3 excellent YouTube channels to be interested in sports
Sport is the domain of sportsmen. This truism has been cemented into our culture by high school gym class, pop culture, and competition on the court. But there’s one hidden truth that sports people don’t talk about as much: it’s one of the cheesiest hobbies you can have.
Watch any sports game being broadcast and you will start seeing it. Obscure figures like a quarterback’s passer rating (a complex mathematical figure that’s supposed to tell you how “good” he is) or a more slugging hitter’s base (same deal, but for baseball ) take over the screen almost as much as the action of the game itself.
This obsession with “data” and history is somewhat inevitable. Once you’ve locked yourself into a favorite team or player, sports fandom tends to focus on numbers and memorizing lore — like the way Kansas City Chiefs fans shudder at the thought that once their kicker missed several easy goals in a close playoff game. And if you love math or storytelling and want to find a new nerdy thing (with the added bonus of being able to join in on Monday morning conversations), learning the sport is easier than ever thanks to the wonders of the internet. .
You don’t even have to turn on ESPN or go to a bookstore either, although both are also productive ways to learn about the sport. Instead, you can get almost anything you need from the internet video house: YouTube. And the best part is that it won’t cost you a single penny beyond what you’re already paying your ISP.
The best YouTube channels to learn sports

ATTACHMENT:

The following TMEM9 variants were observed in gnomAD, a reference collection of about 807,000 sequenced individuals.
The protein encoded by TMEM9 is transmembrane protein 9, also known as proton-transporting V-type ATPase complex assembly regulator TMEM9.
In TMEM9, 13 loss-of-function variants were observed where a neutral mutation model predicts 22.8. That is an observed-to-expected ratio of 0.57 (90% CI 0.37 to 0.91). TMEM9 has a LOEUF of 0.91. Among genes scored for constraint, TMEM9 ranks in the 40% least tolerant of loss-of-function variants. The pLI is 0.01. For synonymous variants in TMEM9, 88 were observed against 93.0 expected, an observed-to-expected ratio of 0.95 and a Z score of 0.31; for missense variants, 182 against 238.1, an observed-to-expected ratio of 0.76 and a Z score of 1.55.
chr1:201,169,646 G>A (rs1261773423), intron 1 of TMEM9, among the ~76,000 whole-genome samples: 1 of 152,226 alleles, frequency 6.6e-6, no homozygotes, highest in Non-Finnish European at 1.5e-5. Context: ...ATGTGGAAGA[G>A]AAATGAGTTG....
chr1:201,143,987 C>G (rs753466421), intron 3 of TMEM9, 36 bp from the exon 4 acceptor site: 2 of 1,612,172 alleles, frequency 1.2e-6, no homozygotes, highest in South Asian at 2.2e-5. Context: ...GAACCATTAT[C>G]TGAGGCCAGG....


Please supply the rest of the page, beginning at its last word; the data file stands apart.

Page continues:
There are innumerable great YouTube channels to keep up to date with how the sport works and how it has changed over the years. Some cover individual sports or leagues like the NFL or NBA, while others cover everything under the sun. Here are three great channels to get you started and hopefully YouTube’s recommendation algorithm will get you to like them more instead of trying to radicalize you.
The first is NFL Throwback, a channel run by the NFL itself — not fans — which separates it from the rest of the channels we’ll talk about. It’s actually a good thing in this case.
These videos usually have no additional commentary beyond what was in the original game shows. The whole philosophy of NFL Throwback is “show, don’t tell”. You won’t get every individual player’s life story or anything, but you will be able to see some amazing plays as people saw them come to life as they happened.
I’ve wasted hours of my life watching clips of things like the time Green Bay Packers quarterback Aaron Rodgers threw six touchdown passes (it’s a plot) in the first half of a match. If you really have nothing to do, you can even watch entire games, like that 2001 playoff game between the Patriots and the Raiders that ended in a bad call from the referees to help Tom Brady win his first championship. .
The thing is, so many great football moments, like Pittsburgh Steelers wide receiver Santonio Holmes’ game-winner in Super Bowl XLIII, tend to air ad nauseam on networks like ESPN without the context of it. a comprehensive game full of exciting twists. NFL Throwback offers the rawest, most low-key way to see it all on YouTube.
However, you can’t spend all your time worrying about things that happened 30 years ago. That’s how you end up like the old man in the sports bar who keeps complaining about how nobody in today’s NBA could play against 1980s superstars like Magic Johnson and Larry Bird. BBallBreakdown is a great basketball channel to keep up to date with what’s going on right now.